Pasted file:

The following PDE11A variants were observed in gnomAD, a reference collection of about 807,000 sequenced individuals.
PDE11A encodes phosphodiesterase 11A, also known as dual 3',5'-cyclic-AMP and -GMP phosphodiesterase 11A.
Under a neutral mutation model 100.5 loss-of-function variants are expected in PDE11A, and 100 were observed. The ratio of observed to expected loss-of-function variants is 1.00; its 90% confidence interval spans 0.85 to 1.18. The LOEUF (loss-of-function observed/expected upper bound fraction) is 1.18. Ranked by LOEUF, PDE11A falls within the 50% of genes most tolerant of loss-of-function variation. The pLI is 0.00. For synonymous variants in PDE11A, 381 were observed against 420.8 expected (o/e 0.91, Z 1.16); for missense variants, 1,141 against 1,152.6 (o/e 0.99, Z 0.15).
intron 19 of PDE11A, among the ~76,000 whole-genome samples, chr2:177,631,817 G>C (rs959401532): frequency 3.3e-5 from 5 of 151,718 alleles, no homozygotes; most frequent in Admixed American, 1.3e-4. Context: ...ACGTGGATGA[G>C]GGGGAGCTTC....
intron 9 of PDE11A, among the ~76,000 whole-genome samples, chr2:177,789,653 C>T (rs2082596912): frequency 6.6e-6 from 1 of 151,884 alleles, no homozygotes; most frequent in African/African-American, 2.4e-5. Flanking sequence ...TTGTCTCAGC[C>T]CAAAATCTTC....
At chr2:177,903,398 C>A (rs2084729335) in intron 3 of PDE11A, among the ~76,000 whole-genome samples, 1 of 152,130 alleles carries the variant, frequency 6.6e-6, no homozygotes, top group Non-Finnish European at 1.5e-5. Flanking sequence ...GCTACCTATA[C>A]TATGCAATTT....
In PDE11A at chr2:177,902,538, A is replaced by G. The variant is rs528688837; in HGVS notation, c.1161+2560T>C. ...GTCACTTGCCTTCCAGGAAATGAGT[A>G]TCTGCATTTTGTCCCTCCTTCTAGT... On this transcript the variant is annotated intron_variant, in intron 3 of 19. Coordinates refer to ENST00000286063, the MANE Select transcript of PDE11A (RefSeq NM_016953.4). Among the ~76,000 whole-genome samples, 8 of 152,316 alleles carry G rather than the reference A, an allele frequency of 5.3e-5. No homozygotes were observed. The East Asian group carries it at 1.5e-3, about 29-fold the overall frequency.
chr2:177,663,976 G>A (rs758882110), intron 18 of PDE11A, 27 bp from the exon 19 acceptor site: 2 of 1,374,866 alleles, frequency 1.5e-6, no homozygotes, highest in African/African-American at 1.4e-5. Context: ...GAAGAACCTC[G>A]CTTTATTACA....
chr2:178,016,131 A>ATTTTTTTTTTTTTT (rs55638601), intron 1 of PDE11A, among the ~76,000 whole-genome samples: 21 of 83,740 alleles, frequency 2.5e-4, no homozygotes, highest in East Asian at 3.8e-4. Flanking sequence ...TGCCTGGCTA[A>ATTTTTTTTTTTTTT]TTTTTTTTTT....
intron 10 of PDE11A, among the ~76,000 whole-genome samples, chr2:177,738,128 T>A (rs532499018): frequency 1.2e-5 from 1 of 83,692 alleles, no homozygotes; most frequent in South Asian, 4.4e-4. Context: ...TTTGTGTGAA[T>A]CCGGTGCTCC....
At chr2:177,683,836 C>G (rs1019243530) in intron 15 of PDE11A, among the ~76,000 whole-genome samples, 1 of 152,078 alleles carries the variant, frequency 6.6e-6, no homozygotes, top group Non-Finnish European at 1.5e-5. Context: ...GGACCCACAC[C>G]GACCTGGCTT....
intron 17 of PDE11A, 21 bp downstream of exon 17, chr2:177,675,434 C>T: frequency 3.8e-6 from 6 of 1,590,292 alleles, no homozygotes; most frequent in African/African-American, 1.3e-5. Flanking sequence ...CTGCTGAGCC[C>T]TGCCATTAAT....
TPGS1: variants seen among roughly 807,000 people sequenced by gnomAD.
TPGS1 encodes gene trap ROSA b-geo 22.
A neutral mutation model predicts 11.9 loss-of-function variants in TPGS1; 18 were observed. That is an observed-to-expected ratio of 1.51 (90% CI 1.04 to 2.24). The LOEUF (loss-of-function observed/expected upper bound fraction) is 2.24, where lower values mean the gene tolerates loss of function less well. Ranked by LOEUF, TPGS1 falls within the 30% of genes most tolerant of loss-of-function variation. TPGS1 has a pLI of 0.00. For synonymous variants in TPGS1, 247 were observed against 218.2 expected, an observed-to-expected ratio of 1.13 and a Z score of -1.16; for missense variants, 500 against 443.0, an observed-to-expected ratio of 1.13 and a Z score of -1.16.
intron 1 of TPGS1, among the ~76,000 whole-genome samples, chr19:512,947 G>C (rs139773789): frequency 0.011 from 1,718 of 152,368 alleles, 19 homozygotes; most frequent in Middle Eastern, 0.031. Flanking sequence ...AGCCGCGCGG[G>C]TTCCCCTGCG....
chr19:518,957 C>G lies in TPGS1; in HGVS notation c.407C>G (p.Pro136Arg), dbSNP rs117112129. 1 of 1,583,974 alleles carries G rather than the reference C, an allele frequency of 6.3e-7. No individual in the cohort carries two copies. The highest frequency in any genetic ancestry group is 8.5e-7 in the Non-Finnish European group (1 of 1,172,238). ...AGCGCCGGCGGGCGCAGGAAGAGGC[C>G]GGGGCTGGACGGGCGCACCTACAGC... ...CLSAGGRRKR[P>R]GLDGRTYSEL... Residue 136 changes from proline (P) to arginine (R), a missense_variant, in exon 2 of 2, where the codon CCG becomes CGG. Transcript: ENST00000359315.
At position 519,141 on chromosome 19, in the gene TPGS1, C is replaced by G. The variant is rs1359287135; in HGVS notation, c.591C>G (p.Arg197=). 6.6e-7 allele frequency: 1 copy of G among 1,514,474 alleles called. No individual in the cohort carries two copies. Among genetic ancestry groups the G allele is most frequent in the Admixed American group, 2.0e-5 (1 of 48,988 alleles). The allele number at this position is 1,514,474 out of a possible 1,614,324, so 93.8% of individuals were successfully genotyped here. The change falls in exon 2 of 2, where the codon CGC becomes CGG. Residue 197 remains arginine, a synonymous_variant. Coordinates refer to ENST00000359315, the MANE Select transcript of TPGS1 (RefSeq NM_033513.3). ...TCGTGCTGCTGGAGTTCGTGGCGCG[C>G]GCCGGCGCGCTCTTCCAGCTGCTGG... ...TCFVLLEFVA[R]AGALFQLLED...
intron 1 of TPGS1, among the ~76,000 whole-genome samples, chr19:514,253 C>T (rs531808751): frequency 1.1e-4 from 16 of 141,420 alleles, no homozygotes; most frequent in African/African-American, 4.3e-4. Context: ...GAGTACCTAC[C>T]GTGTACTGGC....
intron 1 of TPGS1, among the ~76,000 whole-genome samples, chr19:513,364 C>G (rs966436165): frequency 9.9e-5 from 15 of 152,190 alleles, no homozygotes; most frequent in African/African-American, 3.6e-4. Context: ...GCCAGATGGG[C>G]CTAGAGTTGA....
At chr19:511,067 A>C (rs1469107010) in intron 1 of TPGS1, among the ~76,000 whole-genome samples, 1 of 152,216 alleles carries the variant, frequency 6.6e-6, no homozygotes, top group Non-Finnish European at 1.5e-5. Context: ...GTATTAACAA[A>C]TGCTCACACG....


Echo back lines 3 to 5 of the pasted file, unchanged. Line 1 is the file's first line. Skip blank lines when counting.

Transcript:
Under a neutral mutation model 100.5 loss-of-function variants are expected in PDE11A, and 100 were observed. The ratio of observed to expected loss-of-function variants is 1.00; its 90% confidence interval spans 0.85 to 1.18. The LOEUF (loss-of-function observed/expected upper bound fraction) is 1.18. Ranked by LOEUF, PDE11A falls within the 50% of genes most tolerant of loss-of-function variation. The pLI is 0.00. For synonymous variants in PDE11A, 381 were observed against 420.8 expected (o/e 0.91, Z 1.16); for missense variants, 1,141 against 1,152.6 (o/e 0.99, Z 0.15).
intron 19 of PDE11A, among the ~76,000 whole-genome samples, chr2:177,631,817 G>C (rs959401532): frequency 3.3e-5 from 5 of 151,718 alleles, no homozygotes; most frequent in Admixed American, 1.3e-4. Context: ...ACGTGGATGA[G>C]GGGGAGCTTC....
intron 9 of PDE11A, among the ~76,000 whole-genome samples, chr2:177,789,653 C>T (rs2082596912): frequency 6.6e-6 from 1 of 151,884 alleles, no homozygotes; most frequent in African/African-American, 2.4e-5. Flanking sequence ...TTGTCTCAGC[C>T]CAAAATCTTC....